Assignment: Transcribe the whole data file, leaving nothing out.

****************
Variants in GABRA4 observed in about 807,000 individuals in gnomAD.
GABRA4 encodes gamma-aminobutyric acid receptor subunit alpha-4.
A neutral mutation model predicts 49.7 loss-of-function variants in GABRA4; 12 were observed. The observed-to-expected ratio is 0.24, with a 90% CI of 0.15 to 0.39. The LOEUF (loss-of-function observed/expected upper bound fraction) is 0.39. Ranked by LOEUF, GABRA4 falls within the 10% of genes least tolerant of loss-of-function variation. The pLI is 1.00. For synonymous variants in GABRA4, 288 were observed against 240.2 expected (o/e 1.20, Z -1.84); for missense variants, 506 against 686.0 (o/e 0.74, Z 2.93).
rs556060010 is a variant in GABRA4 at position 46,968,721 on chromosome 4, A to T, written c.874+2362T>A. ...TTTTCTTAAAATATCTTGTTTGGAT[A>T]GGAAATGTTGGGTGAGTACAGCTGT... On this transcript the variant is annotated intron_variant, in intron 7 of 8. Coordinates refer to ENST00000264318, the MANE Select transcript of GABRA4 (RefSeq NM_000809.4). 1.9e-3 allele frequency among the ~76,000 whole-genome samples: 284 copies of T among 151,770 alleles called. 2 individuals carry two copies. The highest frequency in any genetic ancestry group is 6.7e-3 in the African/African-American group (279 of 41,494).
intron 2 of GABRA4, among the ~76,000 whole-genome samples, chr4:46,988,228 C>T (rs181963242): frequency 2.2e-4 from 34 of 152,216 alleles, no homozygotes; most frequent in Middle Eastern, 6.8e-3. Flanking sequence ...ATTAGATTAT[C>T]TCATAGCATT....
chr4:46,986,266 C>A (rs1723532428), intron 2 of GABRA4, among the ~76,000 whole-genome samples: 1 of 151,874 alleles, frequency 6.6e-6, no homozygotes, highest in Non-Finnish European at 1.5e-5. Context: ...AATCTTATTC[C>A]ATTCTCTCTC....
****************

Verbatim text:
Variants in GABRA4 observed in about 807,000 individuals in gnomAD.
GABRA4 encodes gamma-aminobutyric acid receptor subunit alpha-4.
A neutral mutation model predicts 49.7 loss-of-function variants in GABRA4; 12 were observed. The observed-to-expected ratio is 0.24, with a 90% CI of 0.15 to 0.39. The LOEUF (loss-of-function observed/expected upper bound fraction) is 0.39. Ranked by LOEUF, GABRA4 falls within the 10% of genes least tolerant of loss-of-function variation. The pLI is 1.00. For synonymous variants in GABRA4, 288 were observed against 240.2 expected (o/e 1.20, Z -1.84); for missense variants, 506 against 686.0 (o/e 0.74, Z 2.93).
rs556060010 is a variant in GABRA4 at position 46,968,721 on chromosome 4, A to T, written c.874+2362T>A. ...TTTTCTTAAAATATCTTGTTTGGAT[A>T]GGAAATGTTGGGTGAGTACAGCTGT... On this transcript the variant is annotated intron_variant, in intron 7 of 8. Coordinates refer to ENST00000264318, the MANE Select transcript of GABRA4 (RefSeq NM_000809.4). 1.9e-3 allele frequency among the ~76,000 whole-genome samples: 284 copies of T among 151,770 alleles called. 2 individuals carry two copies. The highest frequency in any genetic ancestry group is 6.7e-3 in the African/African-American group (279 of 41,494).
intron 2 of GABRA4, among the ~76,000 whole-genome samples, chr4:46,988,228 C>T (rs181963242): frequency 2.2e-4 from 34 of 152,216 alleles, no homozygotes; most frequent in Middle Eastern, 6.8e-3. Flanking sequence ...ATTAGATTAT[C>T]TCATAGCATT....
chr4:46,986,266 C>A (rs1723532428), intron 2 of GABRA4, among the ~76,000 whole-genome samples: 1 of 151,874 alleles, frequency 6.6e-6, no homozygotes, highest in Non-Finnish European at 1.5e-5. Context: ...AATCTTATTC[C>A]ATTCTCTCTC....